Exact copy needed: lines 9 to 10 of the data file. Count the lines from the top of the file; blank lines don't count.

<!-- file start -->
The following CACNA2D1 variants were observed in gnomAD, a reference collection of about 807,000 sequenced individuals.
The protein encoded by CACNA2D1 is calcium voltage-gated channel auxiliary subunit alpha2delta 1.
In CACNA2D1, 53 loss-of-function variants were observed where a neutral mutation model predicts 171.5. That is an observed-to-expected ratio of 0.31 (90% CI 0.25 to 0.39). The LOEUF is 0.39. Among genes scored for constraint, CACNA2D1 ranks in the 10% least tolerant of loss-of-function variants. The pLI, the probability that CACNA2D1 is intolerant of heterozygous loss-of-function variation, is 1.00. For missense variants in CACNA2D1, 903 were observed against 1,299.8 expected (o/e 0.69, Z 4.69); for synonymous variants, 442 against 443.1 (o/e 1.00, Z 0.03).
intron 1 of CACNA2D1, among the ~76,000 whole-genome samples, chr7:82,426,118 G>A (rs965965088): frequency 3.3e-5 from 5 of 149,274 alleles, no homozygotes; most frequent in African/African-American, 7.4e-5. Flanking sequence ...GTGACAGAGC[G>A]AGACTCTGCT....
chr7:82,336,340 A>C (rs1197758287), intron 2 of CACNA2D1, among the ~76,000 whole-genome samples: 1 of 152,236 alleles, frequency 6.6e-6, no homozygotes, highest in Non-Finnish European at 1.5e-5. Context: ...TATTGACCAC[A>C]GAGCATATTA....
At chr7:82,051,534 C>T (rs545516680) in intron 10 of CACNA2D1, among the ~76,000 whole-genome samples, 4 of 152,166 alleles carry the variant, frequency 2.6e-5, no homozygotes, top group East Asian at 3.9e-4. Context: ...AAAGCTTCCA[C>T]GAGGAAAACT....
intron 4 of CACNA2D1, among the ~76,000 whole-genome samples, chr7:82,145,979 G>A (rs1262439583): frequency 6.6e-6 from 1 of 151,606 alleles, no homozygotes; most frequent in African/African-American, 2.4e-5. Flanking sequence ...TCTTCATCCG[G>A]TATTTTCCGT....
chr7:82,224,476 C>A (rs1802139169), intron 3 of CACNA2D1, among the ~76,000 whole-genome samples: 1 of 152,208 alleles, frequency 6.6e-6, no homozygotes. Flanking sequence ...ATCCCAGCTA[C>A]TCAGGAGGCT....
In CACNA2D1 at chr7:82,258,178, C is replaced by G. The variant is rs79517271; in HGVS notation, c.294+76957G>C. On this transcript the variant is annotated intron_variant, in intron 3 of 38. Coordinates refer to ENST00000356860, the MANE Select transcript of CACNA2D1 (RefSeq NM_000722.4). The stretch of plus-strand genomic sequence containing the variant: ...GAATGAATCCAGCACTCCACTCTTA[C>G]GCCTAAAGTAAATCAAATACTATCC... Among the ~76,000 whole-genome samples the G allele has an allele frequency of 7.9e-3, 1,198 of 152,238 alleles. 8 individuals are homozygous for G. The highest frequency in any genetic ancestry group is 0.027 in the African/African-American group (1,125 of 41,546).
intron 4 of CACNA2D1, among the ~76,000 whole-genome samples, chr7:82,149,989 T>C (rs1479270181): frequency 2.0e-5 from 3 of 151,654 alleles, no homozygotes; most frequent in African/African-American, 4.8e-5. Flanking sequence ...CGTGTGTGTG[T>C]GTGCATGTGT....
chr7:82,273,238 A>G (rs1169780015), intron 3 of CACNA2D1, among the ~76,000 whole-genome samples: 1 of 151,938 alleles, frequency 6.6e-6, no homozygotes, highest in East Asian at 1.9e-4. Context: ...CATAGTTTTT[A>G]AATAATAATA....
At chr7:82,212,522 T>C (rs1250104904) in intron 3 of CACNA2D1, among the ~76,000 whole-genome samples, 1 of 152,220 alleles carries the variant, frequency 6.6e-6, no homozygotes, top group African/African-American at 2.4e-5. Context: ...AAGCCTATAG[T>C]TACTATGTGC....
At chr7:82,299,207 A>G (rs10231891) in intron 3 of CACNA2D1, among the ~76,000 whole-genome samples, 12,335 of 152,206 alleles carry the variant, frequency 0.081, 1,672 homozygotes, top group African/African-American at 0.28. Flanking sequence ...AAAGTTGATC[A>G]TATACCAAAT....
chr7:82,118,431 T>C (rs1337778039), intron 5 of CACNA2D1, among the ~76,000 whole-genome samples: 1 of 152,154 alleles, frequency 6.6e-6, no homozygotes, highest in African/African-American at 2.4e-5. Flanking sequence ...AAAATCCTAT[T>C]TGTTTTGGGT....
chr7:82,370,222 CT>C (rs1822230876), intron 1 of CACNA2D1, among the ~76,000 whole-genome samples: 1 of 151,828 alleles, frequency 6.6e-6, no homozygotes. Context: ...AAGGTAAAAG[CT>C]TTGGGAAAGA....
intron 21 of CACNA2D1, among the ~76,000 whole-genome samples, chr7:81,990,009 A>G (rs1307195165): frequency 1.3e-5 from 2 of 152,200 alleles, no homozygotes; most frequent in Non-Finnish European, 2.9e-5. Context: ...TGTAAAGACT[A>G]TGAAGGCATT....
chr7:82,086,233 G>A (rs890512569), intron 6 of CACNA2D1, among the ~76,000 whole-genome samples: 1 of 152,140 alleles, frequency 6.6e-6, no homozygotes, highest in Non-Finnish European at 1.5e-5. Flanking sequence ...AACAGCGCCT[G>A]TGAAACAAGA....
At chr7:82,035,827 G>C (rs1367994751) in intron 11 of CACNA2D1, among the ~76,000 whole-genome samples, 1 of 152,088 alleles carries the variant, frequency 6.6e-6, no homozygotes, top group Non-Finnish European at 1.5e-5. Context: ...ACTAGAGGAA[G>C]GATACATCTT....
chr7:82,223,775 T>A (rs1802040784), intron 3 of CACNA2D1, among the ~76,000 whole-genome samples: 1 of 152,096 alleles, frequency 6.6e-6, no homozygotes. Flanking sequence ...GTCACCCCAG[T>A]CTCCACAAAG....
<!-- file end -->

In CACNA2D1 at chr7:82,258,178, C is replaced by G. The variant is rs79517271; in HGVS notation, c.294+76957G>C. On this transcript the variant is annotated intron_variant, in intron 3 of 38. Coordinates refer to ENST00000356860, the MANE Select transcript of CACNA2D1 (RefSeq NM_000722.4). The stretch of plus-strand genomic sequence containing the variant: ...GAATGAATCCAGCACTCCACTCTTA[C>G]GCCTAAAGTAAATCAAATACTATCC... Among the ~76,000 whole-genome samples the G allele has an allele frequency of 7.9e-3, 1,198 of 152,238 alleles. 8 individuals are homozygous for G. The highest frequency in any genetic ancestry group is 0.027 in the African/African-American group (1,125 of 41,546).
intron 4 of CACNA2D1, among the ~76,000 whole-genome samples, chr7:82,149,989 T>C (rs1479270181): frequency 2.0e-5 from 3 of 151,654 alleles, no homozygotes; most frequent in African/African-American, 4.8e-5. Flanking sequence ...CGTGTGTGTG[T>C]GTGCATGTGT....